When choosing a garden space, there are many factors to consider. For a garden to thrive, it needs to have excellent soil, at least six hours of direct sunlight a day, and enough space for the plants to grow.

Additionally, you can ensure the soil is healthy and provides the essential nutrients by conducting a soil test beforehand. Agricultural colleges may offer soil test kits for sale online or for purchase.

Use these factors to determine your growing area:

  • Sunlight: As your crop grows during its peak season, you need to realistically assess the available sunlight. In late spring to early autumn, you will have limited options when you don’t have at least four to five hours of good sunlight every day.
  • Eco-friendly pest control: The key to pest control is also becoming familiar with nontoxic methods. Home remedies work well in some cases. Conscious gardening avoids the use of chemical pesticides and fertilizers.

2. Consider your goals

Considering your eco-gardening goals will also help you determine the size of your space. Decide how much money, time, and effort you are willing to invest in your plot. 

A first-time gardener may start small and add more in later if things go well; some plants are more maintenance-intensive than others. This leads us to the next point.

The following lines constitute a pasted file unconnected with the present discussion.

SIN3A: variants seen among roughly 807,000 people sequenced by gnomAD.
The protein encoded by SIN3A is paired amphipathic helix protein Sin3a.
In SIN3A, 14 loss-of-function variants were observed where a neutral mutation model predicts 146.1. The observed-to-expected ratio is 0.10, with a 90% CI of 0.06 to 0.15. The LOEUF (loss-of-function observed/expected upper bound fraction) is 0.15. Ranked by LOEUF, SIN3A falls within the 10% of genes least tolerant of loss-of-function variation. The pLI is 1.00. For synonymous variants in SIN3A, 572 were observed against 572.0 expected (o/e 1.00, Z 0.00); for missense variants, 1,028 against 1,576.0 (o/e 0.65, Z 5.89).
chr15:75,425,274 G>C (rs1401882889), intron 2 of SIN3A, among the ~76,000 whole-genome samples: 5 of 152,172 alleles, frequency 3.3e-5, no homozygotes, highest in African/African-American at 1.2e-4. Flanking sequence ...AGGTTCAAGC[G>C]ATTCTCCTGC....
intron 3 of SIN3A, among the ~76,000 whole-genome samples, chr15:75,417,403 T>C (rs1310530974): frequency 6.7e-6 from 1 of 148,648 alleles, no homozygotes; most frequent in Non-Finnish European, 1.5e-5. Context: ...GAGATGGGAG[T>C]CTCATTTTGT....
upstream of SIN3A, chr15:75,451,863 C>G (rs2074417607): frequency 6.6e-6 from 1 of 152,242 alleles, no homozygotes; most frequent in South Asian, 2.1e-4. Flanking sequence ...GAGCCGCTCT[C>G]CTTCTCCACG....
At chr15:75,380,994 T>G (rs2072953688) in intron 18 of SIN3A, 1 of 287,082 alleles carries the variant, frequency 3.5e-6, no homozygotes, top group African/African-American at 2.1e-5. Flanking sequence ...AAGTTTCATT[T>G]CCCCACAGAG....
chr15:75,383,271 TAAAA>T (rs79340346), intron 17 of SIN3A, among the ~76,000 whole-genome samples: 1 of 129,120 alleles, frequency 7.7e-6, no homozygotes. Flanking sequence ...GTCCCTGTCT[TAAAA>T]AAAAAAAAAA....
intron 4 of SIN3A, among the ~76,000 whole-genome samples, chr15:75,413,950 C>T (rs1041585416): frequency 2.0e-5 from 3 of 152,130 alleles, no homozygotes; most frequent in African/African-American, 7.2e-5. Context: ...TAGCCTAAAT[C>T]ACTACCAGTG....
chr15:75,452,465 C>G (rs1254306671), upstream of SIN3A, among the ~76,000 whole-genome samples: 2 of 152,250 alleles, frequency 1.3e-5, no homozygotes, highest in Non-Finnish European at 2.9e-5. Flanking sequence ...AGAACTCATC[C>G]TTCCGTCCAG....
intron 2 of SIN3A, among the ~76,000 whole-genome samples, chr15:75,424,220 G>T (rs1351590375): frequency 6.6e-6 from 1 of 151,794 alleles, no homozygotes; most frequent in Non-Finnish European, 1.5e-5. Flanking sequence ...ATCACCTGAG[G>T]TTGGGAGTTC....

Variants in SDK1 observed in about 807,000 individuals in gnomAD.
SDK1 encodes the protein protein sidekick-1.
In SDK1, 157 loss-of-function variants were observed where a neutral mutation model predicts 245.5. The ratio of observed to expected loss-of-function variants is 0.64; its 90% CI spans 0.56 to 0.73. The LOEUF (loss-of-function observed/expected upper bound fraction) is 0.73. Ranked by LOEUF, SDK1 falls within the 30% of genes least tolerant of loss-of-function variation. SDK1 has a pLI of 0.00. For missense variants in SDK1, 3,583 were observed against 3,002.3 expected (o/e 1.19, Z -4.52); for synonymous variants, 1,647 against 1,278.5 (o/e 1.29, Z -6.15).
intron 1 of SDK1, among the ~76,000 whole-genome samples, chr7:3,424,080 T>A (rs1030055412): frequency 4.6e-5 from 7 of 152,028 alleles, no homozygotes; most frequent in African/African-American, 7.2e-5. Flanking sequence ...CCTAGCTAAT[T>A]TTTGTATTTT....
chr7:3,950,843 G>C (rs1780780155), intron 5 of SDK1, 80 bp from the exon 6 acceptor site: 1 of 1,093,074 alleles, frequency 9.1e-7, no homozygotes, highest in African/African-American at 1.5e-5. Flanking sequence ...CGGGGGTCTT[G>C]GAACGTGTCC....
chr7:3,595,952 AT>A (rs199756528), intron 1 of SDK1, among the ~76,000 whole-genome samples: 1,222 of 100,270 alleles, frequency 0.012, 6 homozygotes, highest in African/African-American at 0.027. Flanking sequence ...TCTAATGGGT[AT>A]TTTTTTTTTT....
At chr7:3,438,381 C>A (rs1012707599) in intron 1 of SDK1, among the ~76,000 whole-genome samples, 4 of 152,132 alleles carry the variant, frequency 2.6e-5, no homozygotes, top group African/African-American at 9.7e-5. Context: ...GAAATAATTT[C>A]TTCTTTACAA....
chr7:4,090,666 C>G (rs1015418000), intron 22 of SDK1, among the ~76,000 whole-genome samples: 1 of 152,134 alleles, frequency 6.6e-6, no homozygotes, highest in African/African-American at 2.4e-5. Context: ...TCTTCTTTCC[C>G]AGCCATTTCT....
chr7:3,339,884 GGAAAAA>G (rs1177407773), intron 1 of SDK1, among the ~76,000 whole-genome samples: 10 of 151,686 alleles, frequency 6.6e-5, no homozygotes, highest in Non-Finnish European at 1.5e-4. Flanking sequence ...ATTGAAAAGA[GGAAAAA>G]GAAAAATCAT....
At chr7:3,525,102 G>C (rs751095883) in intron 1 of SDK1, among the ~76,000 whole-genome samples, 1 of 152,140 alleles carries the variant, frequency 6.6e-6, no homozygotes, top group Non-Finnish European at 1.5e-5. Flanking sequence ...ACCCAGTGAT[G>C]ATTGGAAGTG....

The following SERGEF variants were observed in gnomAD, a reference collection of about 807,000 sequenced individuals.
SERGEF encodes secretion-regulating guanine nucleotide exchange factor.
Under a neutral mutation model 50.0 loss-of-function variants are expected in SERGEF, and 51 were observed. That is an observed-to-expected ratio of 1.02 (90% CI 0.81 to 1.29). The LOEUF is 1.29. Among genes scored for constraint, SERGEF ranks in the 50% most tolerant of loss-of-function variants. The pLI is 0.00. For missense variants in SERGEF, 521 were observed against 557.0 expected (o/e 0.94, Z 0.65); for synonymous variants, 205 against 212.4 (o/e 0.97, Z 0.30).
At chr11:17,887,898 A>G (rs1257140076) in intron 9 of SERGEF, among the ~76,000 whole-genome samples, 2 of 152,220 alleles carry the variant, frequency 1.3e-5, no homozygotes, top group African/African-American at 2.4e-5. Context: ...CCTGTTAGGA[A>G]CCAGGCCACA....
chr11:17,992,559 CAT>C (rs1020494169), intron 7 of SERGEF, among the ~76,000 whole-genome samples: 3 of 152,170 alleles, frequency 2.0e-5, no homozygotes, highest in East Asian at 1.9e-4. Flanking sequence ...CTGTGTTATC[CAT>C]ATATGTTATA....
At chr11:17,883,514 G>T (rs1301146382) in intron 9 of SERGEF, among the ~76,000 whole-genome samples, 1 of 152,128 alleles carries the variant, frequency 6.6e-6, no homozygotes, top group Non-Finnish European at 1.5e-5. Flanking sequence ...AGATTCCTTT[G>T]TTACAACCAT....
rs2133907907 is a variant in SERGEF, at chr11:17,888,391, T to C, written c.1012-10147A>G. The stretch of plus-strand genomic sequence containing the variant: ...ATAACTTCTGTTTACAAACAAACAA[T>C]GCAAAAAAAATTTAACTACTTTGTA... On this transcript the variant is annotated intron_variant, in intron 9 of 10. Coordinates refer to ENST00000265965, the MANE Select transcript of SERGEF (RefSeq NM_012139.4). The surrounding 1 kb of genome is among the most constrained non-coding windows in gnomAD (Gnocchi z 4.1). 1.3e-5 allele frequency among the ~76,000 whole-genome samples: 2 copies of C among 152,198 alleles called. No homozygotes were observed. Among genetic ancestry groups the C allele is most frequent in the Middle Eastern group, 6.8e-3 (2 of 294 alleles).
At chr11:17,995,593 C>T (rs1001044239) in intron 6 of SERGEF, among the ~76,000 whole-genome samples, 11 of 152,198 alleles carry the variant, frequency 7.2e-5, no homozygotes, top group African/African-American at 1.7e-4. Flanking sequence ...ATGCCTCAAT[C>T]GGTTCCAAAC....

3. Begin small

Start by planting in small containers or raised beds to get a hang of it. Determine the types and numbers of vegetables, herbs, and fruits you will grow. Some herbs and leafy greens can tolerate part shade, but most vegetables and fruits require full sunlight. 

Next, decide where to grow the plants. Make sure that your plants are appropriate for the amount of light and space you have available. Using pots to grow plants vertically on walls, fences, and posts can save space in your garden.

4. Compost food waste

Using compost as organic fertilizer is a great way to reduce waste and keep gardens sustainable. Composting in the garden recycles organic waste, including food. 

Compost leaves, flower heads, and trimmings for nutrient-rich, organic fertilizer instead of throwing them away. As a result, the soil becomes richer in nutrients and vegetables become healthier and more delicious. 

To grow organically and live sustainably, you must make your compost. You can also reduce waste at home by composting leftover foods, garden wastes, and other biodegradable materials.

Read More: A Beginner’s Guide to Composting: Turning Waste into Nutrient-Rich Soil

5. Don’t waste water

By collecting rainwater with water butts, sustainable gardeners conserve scarce resources. They can use this to water their plants and flowers. The ultimate goal of a sustainable gardener is to use natural water sources as much as possible. 

Eco-friendly gardeners should use watering cans to water their gardens rather than automated systems like lawn sprinklers in areas where water is scarce. Even though the latter is faster, it also wastes a lot of water.

Also, water less. Water conservation is an integral part of sustainability, especially in water-scarce regions. The method of xeriscaping involves planting drought-tolerant shrubs and perennials to reduce the need for watering.